Sustaining Study Abroad [Inside Higher Education]

By Elizabeth Redden, Inside Higher Education

Sustainable study abroad. “It almost seems like an oxymoron,” says Daniel Greenberg, executive director of Living Routes, an Amherst, Mass.-based provider that runs study abroad programs in eco-villages.

The perception of paradox, Greenberg says, has in some ways frozen the field. The prevailing sense is this: “You can’t be sustainable studying abroad, so how can you talk about it?”

In the past two years, some people have started to — within an industry powered by greenhouse-gas emitting jet fuel. On the national level, last spring a task force on environmental sustainability in study abroad (chaired by Greenberg) submitted a report to NAFSA: Association of International Educators. And as for the Forum on Education Abroad, a subcommittee (also chaired by Greenberg) is at work on draft sustainability standards being proposed as additions to the Forum’s Standards of Good Practice.

On an institutional level, campus-wide sustainability initiatives — including the American College and University Presidents Climate Commitment, in which colleges commit to pursuing “climate neutrality” — can be catalysts for considering off-campus impacts, too. As part of the commitment, signatory colleges are asked to incorporate in their reporting and climate action plans all air travel paid for by or through the institution.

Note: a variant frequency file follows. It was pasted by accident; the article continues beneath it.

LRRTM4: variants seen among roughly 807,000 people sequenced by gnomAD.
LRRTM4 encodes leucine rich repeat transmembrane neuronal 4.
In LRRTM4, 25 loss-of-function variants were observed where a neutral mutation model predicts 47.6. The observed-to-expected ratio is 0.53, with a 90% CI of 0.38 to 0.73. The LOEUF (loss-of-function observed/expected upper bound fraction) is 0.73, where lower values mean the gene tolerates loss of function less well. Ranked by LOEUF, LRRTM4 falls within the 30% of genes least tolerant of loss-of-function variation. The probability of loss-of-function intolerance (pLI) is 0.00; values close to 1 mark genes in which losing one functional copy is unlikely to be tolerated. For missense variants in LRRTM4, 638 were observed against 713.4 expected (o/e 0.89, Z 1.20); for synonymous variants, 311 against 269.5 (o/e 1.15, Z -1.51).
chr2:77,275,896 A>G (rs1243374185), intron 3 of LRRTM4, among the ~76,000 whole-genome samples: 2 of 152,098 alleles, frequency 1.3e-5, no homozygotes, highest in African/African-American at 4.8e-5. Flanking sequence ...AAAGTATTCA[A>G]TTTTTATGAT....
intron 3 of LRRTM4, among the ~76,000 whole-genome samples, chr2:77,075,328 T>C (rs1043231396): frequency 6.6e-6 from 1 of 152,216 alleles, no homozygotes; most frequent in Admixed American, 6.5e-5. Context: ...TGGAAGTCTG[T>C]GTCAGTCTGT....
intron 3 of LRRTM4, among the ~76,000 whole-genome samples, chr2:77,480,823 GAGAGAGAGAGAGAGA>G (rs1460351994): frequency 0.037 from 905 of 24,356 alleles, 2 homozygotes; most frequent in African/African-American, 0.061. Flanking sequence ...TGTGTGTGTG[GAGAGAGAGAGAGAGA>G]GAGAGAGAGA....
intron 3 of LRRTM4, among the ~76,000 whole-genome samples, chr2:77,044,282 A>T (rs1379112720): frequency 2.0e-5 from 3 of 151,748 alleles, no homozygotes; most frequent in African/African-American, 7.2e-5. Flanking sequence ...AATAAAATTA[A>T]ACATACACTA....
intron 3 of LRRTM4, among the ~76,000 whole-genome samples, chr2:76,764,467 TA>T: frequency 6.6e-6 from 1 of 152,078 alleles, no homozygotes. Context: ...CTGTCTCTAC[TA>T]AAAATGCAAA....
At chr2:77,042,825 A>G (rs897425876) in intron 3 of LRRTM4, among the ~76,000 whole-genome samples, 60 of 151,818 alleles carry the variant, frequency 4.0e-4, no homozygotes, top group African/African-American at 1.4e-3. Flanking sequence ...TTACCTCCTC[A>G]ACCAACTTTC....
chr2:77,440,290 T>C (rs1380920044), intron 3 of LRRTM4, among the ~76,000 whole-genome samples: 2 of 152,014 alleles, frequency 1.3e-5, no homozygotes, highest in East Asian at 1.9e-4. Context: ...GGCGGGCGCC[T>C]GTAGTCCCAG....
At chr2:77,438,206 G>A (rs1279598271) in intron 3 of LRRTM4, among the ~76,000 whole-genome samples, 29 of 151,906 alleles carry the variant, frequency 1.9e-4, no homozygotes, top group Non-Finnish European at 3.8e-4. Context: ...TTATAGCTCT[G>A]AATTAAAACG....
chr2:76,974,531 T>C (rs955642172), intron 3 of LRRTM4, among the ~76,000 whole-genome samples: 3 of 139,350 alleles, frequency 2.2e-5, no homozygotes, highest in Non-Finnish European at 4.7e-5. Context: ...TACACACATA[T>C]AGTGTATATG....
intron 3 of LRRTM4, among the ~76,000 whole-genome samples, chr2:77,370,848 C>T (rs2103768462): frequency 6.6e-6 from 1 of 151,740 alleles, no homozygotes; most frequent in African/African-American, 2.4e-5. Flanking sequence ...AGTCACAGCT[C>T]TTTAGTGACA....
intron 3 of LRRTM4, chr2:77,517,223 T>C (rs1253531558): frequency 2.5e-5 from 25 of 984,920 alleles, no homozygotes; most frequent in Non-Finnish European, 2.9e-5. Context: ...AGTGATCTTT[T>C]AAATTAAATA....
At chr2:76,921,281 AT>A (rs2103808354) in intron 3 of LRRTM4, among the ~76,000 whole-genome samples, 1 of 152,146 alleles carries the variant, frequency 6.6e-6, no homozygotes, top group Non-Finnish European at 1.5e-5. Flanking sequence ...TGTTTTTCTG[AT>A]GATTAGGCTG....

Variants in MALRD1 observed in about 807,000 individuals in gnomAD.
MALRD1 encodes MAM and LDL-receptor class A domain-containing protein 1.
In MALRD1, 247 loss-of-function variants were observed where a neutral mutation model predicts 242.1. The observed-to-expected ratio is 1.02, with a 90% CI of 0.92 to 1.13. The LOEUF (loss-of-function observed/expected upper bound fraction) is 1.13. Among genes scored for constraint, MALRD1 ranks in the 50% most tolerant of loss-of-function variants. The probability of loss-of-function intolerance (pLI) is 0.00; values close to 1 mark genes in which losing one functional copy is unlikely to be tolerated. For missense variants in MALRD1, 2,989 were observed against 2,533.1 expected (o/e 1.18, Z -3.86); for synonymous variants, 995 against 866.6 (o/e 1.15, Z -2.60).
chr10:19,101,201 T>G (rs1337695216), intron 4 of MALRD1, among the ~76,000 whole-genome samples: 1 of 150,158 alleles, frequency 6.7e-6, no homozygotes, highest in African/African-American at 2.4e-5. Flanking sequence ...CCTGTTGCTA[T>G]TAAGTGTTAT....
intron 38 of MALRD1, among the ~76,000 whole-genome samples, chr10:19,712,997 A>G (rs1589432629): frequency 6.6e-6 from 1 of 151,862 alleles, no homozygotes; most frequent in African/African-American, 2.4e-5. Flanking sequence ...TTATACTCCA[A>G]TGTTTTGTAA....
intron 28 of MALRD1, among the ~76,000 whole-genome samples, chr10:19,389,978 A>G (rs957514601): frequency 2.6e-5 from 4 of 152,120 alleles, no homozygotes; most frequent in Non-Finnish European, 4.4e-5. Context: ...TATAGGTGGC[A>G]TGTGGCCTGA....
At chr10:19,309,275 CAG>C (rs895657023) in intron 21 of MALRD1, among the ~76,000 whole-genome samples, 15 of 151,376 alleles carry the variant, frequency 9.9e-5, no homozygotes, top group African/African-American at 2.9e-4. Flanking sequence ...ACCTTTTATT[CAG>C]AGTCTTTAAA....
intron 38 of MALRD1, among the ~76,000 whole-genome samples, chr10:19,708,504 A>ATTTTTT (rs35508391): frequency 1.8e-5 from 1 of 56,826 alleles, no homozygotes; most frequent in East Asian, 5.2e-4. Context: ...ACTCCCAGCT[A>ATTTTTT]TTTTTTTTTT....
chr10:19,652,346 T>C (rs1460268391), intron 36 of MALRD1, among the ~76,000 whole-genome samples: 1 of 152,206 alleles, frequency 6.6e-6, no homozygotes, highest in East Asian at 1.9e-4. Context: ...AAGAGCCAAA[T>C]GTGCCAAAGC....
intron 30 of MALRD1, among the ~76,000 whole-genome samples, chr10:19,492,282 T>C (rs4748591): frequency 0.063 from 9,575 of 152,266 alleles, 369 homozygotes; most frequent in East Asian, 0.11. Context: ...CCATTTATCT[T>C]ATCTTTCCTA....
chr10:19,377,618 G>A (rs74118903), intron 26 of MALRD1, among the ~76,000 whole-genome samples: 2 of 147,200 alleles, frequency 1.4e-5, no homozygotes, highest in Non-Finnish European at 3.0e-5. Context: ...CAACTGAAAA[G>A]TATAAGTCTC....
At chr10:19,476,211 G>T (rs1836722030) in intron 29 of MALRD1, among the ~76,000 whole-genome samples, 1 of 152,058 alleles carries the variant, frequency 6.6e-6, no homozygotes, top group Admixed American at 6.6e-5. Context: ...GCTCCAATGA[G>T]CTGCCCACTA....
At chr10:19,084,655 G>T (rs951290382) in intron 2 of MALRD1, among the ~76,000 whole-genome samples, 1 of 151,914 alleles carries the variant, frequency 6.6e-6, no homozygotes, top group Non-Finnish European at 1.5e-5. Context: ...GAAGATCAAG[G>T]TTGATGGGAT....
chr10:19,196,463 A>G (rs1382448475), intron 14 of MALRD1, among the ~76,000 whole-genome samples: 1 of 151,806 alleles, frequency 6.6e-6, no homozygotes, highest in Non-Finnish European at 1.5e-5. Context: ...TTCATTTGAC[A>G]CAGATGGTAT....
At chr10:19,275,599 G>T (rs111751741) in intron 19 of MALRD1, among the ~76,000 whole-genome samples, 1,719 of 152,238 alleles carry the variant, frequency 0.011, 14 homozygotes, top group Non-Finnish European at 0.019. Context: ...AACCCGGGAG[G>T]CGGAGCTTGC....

“My personal feelings aside, if my president has signed this climate commitment and it’s my responsibility to reduce my carbon footprint by 80 percent, I’ve got to start working on that, especially with study abroad,” says Andrea Dvorak, coordinator for faculty-led programs at Augsburg College and vice chair of Augsburg’s Environmental Stewardship Committee. Aside from reducing emissions at a program site (by, for example, using public transportation) , “At this point, yes, there aren’t a lot of good choices. We can buy carbon offsets, which are controversial at best,” Dvorak says.

“I think that if there is in the context in which we live today a defensible kind of travel, it would be study abroad,” says William Edelglass, a professor of philosophy at Marlboro College, in Vermont, and co-editor of the journal, Environmental Philosophy. “Even if you’re in Europe, you can see they’re consuming half the energy we consume per person; their lives are not diminished. You see windmills, you see people reusing their shopping bags, you see public transportation. You can see all that, and you can bring some of that home.”